The Religious Significance of Israel

Rabbis Kook and Soloveitchik offered differing views on what the modern state means theologically.

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"That Israel is being subjected to severe trials in its formative years does not negate the miraculous manifestations of Divine favor which have been showered upon the state. Clearly, this is middat ha-din, not hester panim."

In his essay "Kol dodi dofek" ("The voice of my beloved knocks"), Soloveitchik utilizes the Purim story, in which natural events are appreciated as expressions of God's providential design, for understanding the theological significance of contemporary events, just as the tradition understood that God worked His redemption for Israel through the ac­tions of King Ahasuerus, so too we can sense God acting once again in history through the United Nations' decision on the partition of Man­datory Palestine. Soloveitchik once again hears the voice of his beloved God in the events of contemporary Jewish history that have changed the social and political condition of the Jewish people.

For Soloveitchik, the state of Israel has made Jews less vulnerable to physical persecution. It has also aroused a new sense of Jewish identity among Jews who were being carried along on a strong current of assimilation. The rebirth of the state of Israel has shattered the Christian theological claim of God's rejection of the Jewish people as witnessed by their endless suffering and wandering. These and other factors are strong indications for Soloveit­chik of God's providential involvement in contemporary Jewish history.

Soioveitchik pleads with the community to see in the rebirth of Israel an invitation by God to a new and deeper relationship of love. We must "open the door" to go out to meet our Beloved. We begin to demon­strate our responsiveness to God's invitation to renew the love affair between Israel and God by settling the Land and by becoming respon­sible for the political and economic development of the Jewish state.

For Soloveitchik, the shared suffering and common historical fate of the Jewish people represent what he calls brit gorul, a covenant of des­tiny, which is the foundation for the important halakhic category of collective responsibility (kol Yisrael arevim zeh la-zeh). Care for others, feelings of empathy, and a sense of solidarity are not secular categories in Soloveitchik's appreciation of halakhic Judaism. Indeed, the cove­nant of Sinai requires that the covenantal community have a deep sense of solidarity. Political action that seeks to achieve a secure home for the Jews, thereby giving dignity and new vitality to Jewish communal life and identity, thus acquires religious significance and can he understood as mirroring God's providential love for Israel. Soleveitchik's hope is that the community in Israel will find the way to move from a shared covenant of destiny to it shared covenant of meaning, brit ye'ud, based on the halakhic framework of Torah.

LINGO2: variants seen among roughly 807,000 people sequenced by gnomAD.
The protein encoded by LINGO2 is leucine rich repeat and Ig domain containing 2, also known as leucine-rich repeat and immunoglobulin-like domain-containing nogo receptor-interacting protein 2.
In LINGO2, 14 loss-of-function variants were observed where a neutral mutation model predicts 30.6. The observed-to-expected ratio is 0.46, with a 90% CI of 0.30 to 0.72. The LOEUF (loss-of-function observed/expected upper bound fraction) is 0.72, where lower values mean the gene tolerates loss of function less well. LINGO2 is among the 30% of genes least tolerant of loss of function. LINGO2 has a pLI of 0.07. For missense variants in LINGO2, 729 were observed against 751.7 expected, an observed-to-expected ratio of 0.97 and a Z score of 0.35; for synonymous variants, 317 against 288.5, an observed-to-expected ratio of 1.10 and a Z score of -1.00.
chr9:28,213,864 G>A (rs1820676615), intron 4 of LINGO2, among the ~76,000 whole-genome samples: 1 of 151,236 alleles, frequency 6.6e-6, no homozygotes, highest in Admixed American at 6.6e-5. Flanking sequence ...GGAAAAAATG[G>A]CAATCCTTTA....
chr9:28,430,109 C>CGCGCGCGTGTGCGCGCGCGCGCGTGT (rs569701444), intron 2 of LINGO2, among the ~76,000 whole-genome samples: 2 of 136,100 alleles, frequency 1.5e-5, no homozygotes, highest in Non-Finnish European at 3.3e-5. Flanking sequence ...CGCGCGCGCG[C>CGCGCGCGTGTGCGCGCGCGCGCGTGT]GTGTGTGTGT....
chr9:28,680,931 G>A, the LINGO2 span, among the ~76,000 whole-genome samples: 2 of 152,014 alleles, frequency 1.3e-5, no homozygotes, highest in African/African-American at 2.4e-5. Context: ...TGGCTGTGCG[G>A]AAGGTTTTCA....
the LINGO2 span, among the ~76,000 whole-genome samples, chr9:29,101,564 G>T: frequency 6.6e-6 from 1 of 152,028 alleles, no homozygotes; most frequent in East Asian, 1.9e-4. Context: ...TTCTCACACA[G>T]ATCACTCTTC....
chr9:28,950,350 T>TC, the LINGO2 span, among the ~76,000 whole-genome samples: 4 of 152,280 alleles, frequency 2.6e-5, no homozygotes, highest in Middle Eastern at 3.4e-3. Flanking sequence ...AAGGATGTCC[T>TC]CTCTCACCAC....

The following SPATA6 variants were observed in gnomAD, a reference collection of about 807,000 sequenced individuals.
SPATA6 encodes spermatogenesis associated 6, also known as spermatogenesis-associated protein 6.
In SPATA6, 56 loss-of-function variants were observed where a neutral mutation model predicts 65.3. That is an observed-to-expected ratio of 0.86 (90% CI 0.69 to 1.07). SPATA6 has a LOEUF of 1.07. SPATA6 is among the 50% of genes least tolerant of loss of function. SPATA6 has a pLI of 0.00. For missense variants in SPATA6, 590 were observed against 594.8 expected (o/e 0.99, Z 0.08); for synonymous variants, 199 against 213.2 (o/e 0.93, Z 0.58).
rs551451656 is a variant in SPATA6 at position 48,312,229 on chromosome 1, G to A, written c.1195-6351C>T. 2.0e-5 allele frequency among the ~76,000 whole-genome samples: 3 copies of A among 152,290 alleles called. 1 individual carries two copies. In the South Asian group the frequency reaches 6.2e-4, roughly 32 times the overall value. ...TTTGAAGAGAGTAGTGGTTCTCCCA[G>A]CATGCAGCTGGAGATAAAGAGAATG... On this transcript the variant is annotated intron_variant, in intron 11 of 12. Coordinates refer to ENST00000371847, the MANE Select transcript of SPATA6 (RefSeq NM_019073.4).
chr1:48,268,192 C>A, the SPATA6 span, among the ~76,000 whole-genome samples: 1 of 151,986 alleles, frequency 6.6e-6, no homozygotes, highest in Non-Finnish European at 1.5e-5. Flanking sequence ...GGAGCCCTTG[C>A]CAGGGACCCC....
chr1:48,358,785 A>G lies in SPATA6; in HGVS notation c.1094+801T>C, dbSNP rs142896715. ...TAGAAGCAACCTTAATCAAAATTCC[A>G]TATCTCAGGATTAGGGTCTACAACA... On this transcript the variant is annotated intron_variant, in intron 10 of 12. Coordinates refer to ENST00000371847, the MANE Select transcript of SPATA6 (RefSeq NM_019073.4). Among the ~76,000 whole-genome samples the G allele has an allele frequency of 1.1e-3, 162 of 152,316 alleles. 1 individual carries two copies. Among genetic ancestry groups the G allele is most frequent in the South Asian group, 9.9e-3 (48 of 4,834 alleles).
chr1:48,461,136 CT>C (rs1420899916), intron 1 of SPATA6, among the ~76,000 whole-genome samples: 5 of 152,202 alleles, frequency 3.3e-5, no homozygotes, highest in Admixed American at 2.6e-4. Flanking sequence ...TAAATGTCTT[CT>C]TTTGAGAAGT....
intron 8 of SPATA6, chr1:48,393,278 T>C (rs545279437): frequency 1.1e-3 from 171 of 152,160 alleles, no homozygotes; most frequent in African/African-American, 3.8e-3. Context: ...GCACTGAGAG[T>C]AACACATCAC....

Soloveitchik and Kook have provided conceptual frameworks within which religious Jews can attribute religious significance to the rebirth of Israel initiated by people in revolt against their tradition. Soloveitchik's framework assumes the halakhic significance of a shared covenant of destiny and adopts the model of Purim in which God can manifest Himself through the natural unfolding of historical events. Kook's offers a dialectic messianic understanding of Jewish history and of Zionsism.

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Rabbi David Hartman

Rabbi David Hartman is the founder of the Shalom Hartman Institute in Jerusalem. He also served as a professor of Jewish thought at the Hebrew University of Jerusalem and a visiting professor at the Universities of California at Berkeley and Los Angeles.